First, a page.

Deprecate the RMI Activation mechanism for future removal. RMI Activation is an obsolete part of RMI that has been optional since Java 8. No other part of RMI will be deprecated.
RMI Activation is Effectively Obsolete
Distributed systems have been based on web technology for at least the past decade. Concerns about traversing firewalls, filtering requests, authentication, and security have all been addressed in the web services space. Lazy instantiation of resources is handled by load balancers, orchestration, and containers. None of these mechanisms is present in the RMI Activation model for distributed systems.
RMI Activation is Mostly Disused
There is vanishingly small usage of RMI Activation. There is no evidence of any new applications being written to use RMI Activation, and there is evidence that very few existing applications use RMI Activation. A search of various open source code bases has revealed barely any mention of any of the Activation-related APIs. No externally-generated bug reports on RMI Activation have been received for several years. A query on the Stack Overflow Q&A website reveals about 2,200 questions about RMI, but only 14 of them mention "activation". The most recent JavaRanch forum question about RMI Activation was posted in 2003, whereas that forum receives dozens of posts on other topics on a daily basis.
RMI Activation was made optional in Java 8. There were no objections to on this specification change, nor have there been any bug reports concerning the optionality of Activation.
RMI Activation Imposes an Ongoing Maintenance Burden
Maintaining RMI Activation as part of the Java Platform incurs continuing maintenance costs. It adds complexity to RMI. RMI is still being maintained, and RMI Activation increases the expense of that maintenance.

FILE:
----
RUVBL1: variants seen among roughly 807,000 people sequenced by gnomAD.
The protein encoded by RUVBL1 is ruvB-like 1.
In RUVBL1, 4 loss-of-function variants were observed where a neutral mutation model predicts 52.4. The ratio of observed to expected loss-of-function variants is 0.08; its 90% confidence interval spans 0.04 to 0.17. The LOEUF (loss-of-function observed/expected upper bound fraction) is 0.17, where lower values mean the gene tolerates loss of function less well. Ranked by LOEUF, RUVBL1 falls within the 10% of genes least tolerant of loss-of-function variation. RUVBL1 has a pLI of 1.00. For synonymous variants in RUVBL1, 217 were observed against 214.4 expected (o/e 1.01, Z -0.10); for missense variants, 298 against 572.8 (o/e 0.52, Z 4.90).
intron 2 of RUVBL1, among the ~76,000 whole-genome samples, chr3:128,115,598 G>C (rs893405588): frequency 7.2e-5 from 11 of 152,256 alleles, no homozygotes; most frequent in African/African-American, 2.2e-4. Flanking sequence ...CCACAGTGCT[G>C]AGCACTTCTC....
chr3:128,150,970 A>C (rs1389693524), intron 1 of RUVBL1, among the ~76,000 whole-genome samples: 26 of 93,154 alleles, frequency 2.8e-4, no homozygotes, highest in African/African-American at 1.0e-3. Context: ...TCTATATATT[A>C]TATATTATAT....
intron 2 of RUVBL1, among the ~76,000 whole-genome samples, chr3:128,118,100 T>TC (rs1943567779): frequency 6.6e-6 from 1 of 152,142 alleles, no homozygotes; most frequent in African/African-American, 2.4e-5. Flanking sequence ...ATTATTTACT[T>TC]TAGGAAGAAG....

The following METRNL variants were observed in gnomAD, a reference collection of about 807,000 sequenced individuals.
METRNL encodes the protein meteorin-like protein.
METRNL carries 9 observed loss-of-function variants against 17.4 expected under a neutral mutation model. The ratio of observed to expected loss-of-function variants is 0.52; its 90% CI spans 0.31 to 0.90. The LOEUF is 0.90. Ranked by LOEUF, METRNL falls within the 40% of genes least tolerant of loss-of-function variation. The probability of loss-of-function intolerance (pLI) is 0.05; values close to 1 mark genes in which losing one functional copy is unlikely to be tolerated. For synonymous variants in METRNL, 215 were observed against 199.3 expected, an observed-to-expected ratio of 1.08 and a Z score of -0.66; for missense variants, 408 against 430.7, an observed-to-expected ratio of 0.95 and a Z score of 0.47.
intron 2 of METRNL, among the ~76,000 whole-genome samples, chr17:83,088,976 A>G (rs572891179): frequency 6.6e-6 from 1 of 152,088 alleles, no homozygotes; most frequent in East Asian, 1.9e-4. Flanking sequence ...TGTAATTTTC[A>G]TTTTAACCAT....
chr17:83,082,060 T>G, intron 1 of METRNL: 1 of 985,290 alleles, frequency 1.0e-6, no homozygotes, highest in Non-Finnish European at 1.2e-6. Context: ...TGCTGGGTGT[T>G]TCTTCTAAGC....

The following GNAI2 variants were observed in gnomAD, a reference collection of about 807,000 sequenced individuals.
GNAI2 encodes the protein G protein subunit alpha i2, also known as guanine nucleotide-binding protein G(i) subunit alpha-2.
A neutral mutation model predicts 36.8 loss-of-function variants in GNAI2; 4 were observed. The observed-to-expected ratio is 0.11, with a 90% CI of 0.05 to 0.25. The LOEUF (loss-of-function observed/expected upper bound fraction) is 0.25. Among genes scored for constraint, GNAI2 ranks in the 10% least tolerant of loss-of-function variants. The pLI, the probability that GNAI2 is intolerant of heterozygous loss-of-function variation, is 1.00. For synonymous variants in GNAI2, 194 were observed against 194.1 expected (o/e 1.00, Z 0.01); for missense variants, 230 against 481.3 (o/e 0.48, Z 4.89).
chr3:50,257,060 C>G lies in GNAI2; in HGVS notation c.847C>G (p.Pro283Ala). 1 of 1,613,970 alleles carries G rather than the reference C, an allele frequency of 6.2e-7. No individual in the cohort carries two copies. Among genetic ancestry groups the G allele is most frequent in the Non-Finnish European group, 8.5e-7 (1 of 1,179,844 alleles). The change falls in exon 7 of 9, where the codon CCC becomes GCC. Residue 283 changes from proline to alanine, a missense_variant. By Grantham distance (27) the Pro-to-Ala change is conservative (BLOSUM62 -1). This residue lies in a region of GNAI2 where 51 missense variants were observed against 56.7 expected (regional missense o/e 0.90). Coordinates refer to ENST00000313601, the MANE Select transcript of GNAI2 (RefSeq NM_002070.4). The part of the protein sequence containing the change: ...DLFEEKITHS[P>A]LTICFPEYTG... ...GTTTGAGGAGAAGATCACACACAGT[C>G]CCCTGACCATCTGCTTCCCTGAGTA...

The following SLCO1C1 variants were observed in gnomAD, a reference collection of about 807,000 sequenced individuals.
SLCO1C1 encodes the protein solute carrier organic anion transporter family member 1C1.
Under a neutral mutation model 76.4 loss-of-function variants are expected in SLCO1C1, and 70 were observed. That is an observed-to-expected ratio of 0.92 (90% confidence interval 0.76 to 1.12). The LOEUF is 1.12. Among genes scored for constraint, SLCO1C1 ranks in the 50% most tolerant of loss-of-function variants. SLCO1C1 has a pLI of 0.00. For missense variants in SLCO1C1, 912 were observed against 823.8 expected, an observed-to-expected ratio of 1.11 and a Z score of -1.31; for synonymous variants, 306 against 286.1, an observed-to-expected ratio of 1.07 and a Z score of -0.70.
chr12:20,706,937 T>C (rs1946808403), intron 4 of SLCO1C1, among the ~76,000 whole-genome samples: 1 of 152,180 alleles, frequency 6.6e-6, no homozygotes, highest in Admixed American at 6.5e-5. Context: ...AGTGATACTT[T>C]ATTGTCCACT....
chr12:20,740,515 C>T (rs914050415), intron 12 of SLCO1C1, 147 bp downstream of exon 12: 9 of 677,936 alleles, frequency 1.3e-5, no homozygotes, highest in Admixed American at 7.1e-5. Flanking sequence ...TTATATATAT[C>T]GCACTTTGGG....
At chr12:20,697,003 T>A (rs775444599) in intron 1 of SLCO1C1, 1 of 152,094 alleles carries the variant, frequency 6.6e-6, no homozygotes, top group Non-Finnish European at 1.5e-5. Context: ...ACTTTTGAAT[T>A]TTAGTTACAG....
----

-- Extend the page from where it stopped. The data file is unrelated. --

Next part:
RMI Activation has a suite of tests in the JDK. These tests typically
invoke the RMI Activation service (
rmid) as well as a client and a server JVM.
This causes the tests to run slowly, and the multi-process nature of these tests
results in a steady stream of intermittent, spurious failures.
The specification, implementation, and tests for RMI Activation all impose continuing maintenance overhead. RMI Activation can be removed without affecting the rest of RMI. Removal of RMI activation does not reduce Java's value to developers, but it does decrease the JDK's long term maintenance costs.
The RMI Activation mechanism allows RMI-based services to export stubs whose validity exceeds the lifetime of a remote object or a JVM that contains it. With conventional (non-Activatable) RMI, a stub becomes invalid as soon as a remote object is destroyed. Recovering from this situation requires clients to implement complex error-handling logic. When a client invokes a method on an activatable stub, the RMI Activation service instantiates the remote object on-demand, alleviating clients of the burden of dealing with invalid stubs. This seems like a valuable mechanism, however, as described in the Motivation section, the amount of actual usage of RMI Activation is vanishingly small.
This JEP will deprecate the RMI Activation mechanism for future removal. This entails making the following changes to the Java Platform: